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Work being done on a condominium construction site at Bathurst Street and Fork York Blvd. in Toronto. Construction was one of the sectors that slumped in the last quarter.Deborah Baic/The Globe and Mail

The autumn skies turned gloomy for the Canadian economy, as third-quarter expansion slowed to a crawl and the outlook for growth in the coming months remains lacklustre.

In the three months ending Sept. 30, gross domestic product grew at an annual rate of 0.6 per cent, Statistics Canada reported Friday, less than what economists had expected, and substantially below the Bank of Canada's earlier forecasts of 1 per cent. It was also a decline from the previous quarter's growth of 1.7 per cent.

In the month of September alone, GDP was flat, indicating that the fourth quarter is likely to start with a whimper as well.

The big dent in the third quarter came from exports, which were down 7.8 per cent, the biggest decline in more than three years. But business investment was off substantially too, suggesting that companies are leery of spending their money in light of weakened markets at home and abroad.

Residential housing construction also slumped, falling 4.4 per cent. Tougher mortgage rules clearly aren't helping a housing market that was already poised for a pause.

If there was a silver lining in the GDP numbers, it was that consumer spending was up sharply in the quarter – it rose by almost 4 per cent – an indication that individual Canadians are feeling a little more free with their money than business leaders.

But don't expect consumers to remain in a buying mood over the long term, said Benjamin Reitzes, senior economist at BMO Nesbitt Burns. "Unfortunately, consumers are burdened with a high debt load and have been berated over the past few years to slow down their spending," he said. "With housing slowing at the same time, that pace of growth is probably not sustainable."

The Canadian GDP number was a big contrast to the U.S., where the economy grew 2.7 per cent in the third quarter. Shouldn't that expansion south of the border help to buoy Canada's economy? Don't count on it, Mr. Reitzes said. "Actually a lot of the growth in the U.S. is driven by inventories and federal defence spending," he said. "If you take those out, the U.S. numbers are meaningfully weaker … Things aren't going that well in the U.S. either."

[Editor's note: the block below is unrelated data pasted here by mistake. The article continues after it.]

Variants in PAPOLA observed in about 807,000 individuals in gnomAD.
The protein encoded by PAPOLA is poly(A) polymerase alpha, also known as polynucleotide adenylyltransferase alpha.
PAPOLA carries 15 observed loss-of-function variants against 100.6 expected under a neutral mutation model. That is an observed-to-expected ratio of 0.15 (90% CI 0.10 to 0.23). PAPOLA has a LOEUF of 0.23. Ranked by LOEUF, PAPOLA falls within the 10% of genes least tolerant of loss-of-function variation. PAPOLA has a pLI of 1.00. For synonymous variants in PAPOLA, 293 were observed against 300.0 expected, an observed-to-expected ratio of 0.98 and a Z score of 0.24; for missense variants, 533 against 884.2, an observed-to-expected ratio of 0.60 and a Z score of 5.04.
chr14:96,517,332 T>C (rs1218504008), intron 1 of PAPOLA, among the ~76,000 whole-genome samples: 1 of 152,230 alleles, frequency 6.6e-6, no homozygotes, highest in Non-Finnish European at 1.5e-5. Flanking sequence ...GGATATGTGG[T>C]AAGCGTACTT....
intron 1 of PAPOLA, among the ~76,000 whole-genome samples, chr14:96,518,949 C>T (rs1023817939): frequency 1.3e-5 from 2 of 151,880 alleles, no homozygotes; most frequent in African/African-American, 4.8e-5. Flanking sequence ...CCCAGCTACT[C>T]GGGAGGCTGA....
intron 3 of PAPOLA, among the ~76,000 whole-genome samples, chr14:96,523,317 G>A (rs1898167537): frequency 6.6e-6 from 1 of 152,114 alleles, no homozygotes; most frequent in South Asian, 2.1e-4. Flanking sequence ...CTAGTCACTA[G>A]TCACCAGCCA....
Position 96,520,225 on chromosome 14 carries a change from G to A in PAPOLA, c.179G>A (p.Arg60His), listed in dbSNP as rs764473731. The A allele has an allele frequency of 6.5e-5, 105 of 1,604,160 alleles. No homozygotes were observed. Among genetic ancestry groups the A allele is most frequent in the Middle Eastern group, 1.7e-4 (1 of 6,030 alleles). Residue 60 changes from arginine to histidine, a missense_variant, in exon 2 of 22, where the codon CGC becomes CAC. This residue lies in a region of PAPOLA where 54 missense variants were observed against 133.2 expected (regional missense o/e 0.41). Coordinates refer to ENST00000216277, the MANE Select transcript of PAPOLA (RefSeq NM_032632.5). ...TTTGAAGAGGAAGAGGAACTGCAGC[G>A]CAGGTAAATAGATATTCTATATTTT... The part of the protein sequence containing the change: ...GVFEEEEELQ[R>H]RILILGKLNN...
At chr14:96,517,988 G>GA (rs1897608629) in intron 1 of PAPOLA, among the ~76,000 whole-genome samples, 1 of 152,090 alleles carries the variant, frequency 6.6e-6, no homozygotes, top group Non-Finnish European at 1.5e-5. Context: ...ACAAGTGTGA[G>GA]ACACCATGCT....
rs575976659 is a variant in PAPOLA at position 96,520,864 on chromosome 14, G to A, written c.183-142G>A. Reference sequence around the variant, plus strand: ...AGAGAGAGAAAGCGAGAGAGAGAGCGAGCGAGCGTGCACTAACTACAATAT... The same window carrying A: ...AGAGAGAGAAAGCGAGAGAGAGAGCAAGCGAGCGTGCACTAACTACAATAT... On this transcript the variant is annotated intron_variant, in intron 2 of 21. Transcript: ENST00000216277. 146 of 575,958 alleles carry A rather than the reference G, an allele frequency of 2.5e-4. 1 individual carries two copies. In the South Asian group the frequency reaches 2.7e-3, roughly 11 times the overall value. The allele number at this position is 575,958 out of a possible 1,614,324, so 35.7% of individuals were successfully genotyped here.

In addition, he noted, Canada has to deal with a sustained high dollar, another factor which has hurt our exports.

While the uncertainty of the U.S. election is out of the way, the looming "fiscal cliff" has taken its place as the big worry on the North American economic front. If things go badly with negotiations to avoid the cliff, Canada will certainly be affected. At the same time, Europe's financial crisis has not been resolved, and that is a further drag on domestic expansion in this country.

"The third quarter was a reminder that no country is an island in a globalized world," Toronto-Dominion Bank economist Diana Petramala said. That is particularly true in Canada, where exports and the resource sector are so crucial, she said.

Ms. Petramala predicted that over the short term, economic growth in Canada is likely to be stuck in the range of 1.5 to 2 per cent. By the second half of 2013, however, "some of the economic headwinds should abate, particularly as we move past the fiscal cliff deadlines," she said, with Canada's GDP likely to shift to the range of 2 per cent to 2.5 per cent. In the meantime, however, "we are looking at very tepid global economic growth," and Canada can't help but feel the impact, she said.

One key question mark is how the weak GDP numbers will affect the policies of the Bank of Canada, which has projected fourth-quarter growth of around 2.5 per cent – an estimate that most economists now view as wildly optimistic. There is likely to be little change in policy at the central bank's rate setting Tuesday, economists say, but the bank's next monetary policy report, to be released in January, may show some shift in direction. Some economists think there is a slight chance the bank could shift its "bias" from leaning toward a slight rate increase next year toward a hint of a rate decrease that would stimulate the economy further.